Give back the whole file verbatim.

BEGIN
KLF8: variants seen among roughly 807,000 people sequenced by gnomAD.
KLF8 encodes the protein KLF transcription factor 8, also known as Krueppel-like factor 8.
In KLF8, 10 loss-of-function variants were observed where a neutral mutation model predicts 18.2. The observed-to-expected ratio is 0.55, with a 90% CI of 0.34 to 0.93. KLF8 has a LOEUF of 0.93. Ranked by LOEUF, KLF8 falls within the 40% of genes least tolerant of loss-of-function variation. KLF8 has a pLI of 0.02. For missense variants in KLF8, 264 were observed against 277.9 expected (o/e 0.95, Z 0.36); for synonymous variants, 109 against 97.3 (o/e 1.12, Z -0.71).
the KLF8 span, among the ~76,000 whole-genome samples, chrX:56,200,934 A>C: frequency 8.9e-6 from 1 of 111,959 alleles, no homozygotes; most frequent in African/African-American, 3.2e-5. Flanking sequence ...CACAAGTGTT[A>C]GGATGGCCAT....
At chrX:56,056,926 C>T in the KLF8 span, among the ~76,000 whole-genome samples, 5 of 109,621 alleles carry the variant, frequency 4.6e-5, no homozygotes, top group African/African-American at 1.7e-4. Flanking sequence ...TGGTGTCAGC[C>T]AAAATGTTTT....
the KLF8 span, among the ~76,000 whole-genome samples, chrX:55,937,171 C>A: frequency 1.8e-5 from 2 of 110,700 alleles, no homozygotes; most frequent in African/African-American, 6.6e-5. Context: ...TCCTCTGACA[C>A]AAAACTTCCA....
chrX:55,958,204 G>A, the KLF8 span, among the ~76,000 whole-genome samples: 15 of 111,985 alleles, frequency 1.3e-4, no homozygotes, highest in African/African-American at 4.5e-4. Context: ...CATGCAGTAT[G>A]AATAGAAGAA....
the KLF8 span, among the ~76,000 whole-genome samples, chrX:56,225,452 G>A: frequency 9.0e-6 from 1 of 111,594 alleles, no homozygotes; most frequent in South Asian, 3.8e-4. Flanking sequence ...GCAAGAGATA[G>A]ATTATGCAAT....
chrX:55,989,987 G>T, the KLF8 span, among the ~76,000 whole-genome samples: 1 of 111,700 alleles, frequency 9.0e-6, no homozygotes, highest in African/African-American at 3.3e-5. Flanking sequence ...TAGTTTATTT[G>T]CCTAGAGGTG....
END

KLF8: variants seen among roughly 807,000 people sequenced by gnomAD.
KLF8 encodes the protein KLF transcription factor 8, also known as Krueppel-like factor 8.
In KLF8, 10 loss-of-function variants were observed where a neutral mutation model predicts 18.2. The observed-to-expected ratio is 0.55, with a 90% CI of 0.34 to 0.93. KLF8 has a LOEUF of 0.93. Ranked by LOEUF, KLF8 falls within the 40% of genes least tolerant of loss-of-function variation. KLF8 has a pLI of 0.02. For missense variants in KLF8, 264 were observed against 277.9 expected (o/e 0.95, Z 0.36); for synonymous variants, 109 against 97.3 (o/e 1.12, Z -0.71).
the KLF8 span, among the ~76,000 whole-genome samples, chrX:56,200,934 A>C: frequency 8.9e-6 from 1 of 111,959 alleles, no homozygotes; most frequent in African/African-American, 3.2e-5. Flanking sequence ...CACAAGTGTT[A>C]GGATGGCCAT....
At chrX:56,056,926 C>T in the KLF8 span, among the ~76,000 whole-genome samples, 5 of 109,621 alleles carry the variant, frequency 4.6e-5, no homozygotes, top group African/African-American at 1.7e-4. Flanking sequence ...TGGTGTCAGC[C>T]AAAATGTTTT....
the KLF8 span, among the ~76,000 whole-genome samples, chrX:55,937,171 C>A: frequency 1.8e-5 from 2 of 110,700 alleles, no homozygotes; most frequent in African/African-American, 6.6e-5. Context: ...TCCTCTGACA[C>A]AAAACTTCCA....
chrX:55,958,204 G>A, the KLF8 span, among the ~76,000 whole-genome samples: 15 of 111,985 alleles, frequency 1.3e-4, no homozygotes, highest in African/African-American at 4.5e-4. Context: ...CATGCAGTAT[G>A]AATAGAAGAA....
the KLF8 span, among the ~76,000 whole-genome samples, chrX:56,225,452 G>A: frequency 9.0e-6 from 1 of 111,594 alleles, no homozygotes; most frequent in South Asian, 3.8e-4. Flanking sequence ...GCAAGAGATA[G>A]ATTATGCAAT....
chrX:55,989,987 G>T, the KLF8 span, among the ~76,000 whole-genome samples: 1 of 111,700 alleles, frequency 9.0e-6, no homozygotes, highest in African/African-American at 3.3e-5. Flanking sequence ...TAGTTTATTT[G>T]CCTAGAGGTG....